Below is evidence of manic depression and efforts
to suicide by seven of Australia's most notorious and vicious murderers:
In the cell next to him is a rangy Lebanese boy with a Mohawk haircut and a
chest full of tats. I recognise him, too. In April last year he was moved from
Kempsey Prison to the Goulburn's SuperMax after he
bashed his cellmate, doused him in boiling water and carved “E4E” (eye for an
eye) into his forehead. His victim was a former Australian army
reservist and it’s believed this was an ISIS-inspired attack. Certainly it was
enough to get him transferred to SuperMax, where he has since been charged with
plotting a terror attack on Bankstown Police Station. He also allegedly
threatened to cut off the head of Peter Severin, the NSW Corrective Services
Commissioner. He sweeps the floor and glowers at us malevolently.
On 26 January 2009, Ivan Milat cut off his little finger with a plastic knife,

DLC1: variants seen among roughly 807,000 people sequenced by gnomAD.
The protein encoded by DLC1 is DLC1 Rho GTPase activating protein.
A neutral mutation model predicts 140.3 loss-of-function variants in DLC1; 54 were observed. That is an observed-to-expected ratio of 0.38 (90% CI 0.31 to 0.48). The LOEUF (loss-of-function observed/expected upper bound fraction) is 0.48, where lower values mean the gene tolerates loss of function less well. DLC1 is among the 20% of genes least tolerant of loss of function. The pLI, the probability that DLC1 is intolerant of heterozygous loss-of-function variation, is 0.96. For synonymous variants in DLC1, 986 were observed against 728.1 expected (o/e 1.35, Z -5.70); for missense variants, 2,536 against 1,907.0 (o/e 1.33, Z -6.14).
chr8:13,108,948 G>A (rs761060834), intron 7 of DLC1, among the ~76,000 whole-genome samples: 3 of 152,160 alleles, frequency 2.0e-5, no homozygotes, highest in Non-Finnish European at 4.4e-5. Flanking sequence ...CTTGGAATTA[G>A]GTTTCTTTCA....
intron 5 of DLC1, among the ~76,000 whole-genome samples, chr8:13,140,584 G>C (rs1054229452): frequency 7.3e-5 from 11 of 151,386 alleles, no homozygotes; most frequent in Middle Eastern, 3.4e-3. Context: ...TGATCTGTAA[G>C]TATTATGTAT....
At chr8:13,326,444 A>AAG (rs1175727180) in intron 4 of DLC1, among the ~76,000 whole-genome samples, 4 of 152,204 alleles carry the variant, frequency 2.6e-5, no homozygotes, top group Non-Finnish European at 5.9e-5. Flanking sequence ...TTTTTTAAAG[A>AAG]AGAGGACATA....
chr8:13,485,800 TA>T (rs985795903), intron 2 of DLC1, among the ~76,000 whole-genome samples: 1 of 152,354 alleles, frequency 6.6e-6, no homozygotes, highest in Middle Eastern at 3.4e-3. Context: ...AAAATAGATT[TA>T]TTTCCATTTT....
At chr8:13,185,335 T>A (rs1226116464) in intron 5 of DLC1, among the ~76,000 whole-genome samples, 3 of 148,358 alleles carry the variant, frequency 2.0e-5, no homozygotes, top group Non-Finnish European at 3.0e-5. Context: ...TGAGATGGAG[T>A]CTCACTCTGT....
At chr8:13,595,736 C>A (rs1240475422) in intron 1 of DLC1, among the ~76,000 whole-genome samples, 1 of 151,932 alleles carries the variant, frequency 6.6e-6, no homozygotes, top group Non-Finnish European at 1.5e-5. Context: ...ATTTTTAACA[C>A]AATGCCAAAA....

with the intention of mailing the severed digit to the High Court. He was taken
to Goulburn Hospital under high security; however, on 27 January 2009 Milat was
returned to prison after doctors decided surgery to reattach the finger was not
possible. Milat had previously injured himself while imprisoned in 2001,
swallowed razor blades, staples and other metal objects. In 2011, Milat
went on a hunger strike, losing 25 kilograms in an unsuccessful attempt to be
given a PlayStation.
attempted suicide on 25 March 2007 by slashing his wrist with a
razor blade. On 27 March he cut his throat with another razor blade and was
hospitalised briefly. As of 2015, Bryant is housed in the maximum-security
Risdon Prison near Hobart. Whilst in prison Bryant was diagnosed with
having borderline intellectual functioning, Asperger syndrome and antisocial
As of 2006, Peter Dupas is serving his sentences between the
maximum security protection unit of Port Phillip
Correctional Centre, at Laverton and HM
Prison Barwon in Lara, a northern suburb of Geelong. He
has attempted suicide several times while imprisoned.
Anita Lorraine Cobby was
a 26-year-old Australian registered
nurse and beauty
who was kidnapped, sexually